'The Flash' Makes a Serious Case for Adding Snart Permanently

The CW

Wentworth Miller’s interpretation of Leonard Snart will go down in history as one of the boldest, weirdest creative choices ever on TV. Though Miller has ceased being the character on a regular basis, his one-off episodes, including this week’s The Flash, are such a delight that it’s kind of insane the producers aren’t doing everything they can to keep Miller around. Even with Katie Cassidy allowed to go full crazy as Nazi Black Siren, Miller’s finely-tuned delivery can stop anyone cold.

In the newest episode of The Flash, “Fury Rogue,” Barry (Grant Gustin) struggles to let himself grieve the loss of Dibney (Hartley Sawyer), whose body was absorbed by DeVoe (a rotating group of actors, but Neil Sandilands is back). But when Team Flash need to transport a nuclear meta, again, the S.T.A.R. Labs crew enlists the help of Leo Snart, the all-good “Citizen Cold” of Earth-X.

A lot has changed on Earth-X since the November crossover. The Nazi regime have been practically wiped out, save for “Siren-X” (guest star Katie Cassidy, pushing the bad side of her character even further than she normally does as Black Siren on Arrow), who sneaks through Cisco’s breach and decides to tear shit up on Earth-1. Once again, The Flash has an Evil Katie Cassidy loose, and though Cassidy was practically born to play villainous fatales, Miller’s performance eclipses even Cassidy’s dependably excellent work as the Siren.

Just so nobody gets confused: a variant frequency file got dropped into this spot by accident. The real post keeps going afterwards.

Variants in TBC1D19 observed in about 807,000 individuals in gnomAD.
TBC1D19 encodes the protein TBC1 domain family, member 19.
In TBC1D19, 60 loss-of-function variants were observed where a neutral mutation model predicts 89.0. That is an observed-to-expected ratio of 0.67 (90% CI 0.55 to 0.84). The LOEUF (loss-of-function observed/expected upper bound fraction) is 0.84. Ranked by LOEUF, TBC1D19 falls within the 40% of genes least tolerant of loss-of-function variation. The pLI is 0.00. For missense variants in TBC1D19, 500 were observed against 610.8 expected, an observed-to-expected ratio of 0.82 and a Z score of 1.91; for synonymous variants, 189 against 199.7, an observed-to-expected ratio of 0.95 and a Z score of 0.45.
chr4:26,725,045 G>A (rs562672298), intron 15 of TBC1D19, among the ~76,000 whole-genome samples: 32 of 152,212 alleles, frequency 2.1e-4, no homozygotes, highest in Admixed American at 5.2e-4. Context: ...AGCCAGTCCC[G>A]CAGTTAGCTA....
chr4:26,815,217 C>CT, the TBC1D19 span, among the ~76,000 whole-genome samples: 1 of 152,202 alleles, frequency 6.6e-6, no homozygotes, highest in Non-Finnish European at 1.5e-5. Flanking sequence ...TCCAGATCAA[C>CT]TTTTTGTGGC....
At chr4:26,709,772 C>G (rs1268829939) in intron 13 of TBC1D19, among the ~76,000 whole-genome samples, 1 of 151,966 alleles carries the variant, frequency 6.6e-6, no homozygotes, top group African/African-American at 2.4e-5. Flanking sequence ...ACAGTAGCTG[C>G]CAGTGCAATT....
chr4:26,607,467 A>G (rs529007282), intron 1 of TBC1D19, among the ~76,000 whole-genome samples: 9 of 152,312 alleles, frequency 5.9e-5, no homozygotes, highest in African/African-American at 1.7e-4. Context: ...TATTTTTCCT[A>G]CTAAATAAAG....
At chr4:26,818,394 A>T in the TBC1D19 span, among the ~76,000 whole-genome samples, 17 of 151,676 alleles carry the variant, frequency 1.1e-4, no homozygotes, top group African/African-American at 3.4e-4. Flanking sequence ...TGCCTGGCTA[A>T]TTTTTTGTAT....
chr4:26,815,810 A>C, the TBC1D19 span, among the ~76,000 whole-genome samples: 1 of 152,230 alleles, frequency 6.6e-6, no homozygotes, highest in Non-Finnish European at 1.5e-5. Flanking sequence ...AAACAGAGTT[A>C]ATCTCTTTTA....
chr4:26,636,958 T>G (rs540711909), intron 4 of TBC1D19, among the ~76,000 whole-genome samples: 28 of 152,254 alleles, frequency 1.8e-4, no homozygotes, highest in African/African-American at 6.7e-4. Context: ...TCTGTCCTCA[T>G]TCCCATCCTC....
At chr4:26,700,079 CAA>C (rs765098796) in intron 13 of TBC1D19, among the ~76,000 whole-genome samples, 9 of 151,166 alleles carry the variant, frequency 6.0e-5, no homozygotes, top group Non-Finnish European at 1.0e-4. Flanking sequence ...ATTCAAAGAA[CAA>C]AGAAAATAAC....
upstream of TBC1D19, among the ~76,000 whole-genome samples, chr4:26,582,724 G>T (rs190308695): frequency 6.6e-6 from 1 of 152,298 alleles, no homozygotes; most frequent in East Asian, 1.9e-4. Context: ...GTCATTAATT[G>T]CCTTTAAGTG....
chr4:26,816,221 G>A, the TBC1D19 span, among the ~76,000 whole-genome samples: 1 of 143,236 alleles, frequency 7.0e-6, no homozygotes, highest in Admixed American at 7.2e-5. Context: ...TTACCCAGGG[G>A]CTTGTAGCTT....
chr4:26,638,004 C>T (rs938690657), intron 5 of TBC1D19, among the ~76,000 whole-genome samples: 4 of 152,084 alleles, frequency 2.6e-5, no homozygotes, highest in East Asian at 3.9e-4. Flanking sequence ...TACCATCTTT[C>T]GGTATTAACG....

"Aw. I was supposed to be the special guest."

The CW

It’s the little things that make Miller’s Snart such a magnet for attention. The way his voice dips down a hill before settling into a valley, while his eyes dart around the room before landing on someone to pierce their soul. This was obvious even back on Legends of Tomorrow, but it takes a true talent to look at an interesting at best, functional at worst comic book villain and make him a legitimate enigma. “Leo Snart,” who is actually a good guy and not an ambiguous like Leonard Snart was, lacks the complexity that made Snart’s earlier performances so rich. But being a one-off episode, just having the guy around again is welcome.

More important than the guest stars, however, is Barry himself. Never forget the show’s name is called The Flash for a reason, and finally The Flash lets its hero do something other than fuck up for plot reasons. After the end battle, Barry’s cold exterior towards losing Dibney melts away. Just because Barry has experienced loss before doesn’t make it any easier to endure again. Thankfully there was an old, friendly face to cheer things up for an hour.

The Flash airs Tuesdays at 8 p.m. Eastern on The CW.

Related Tags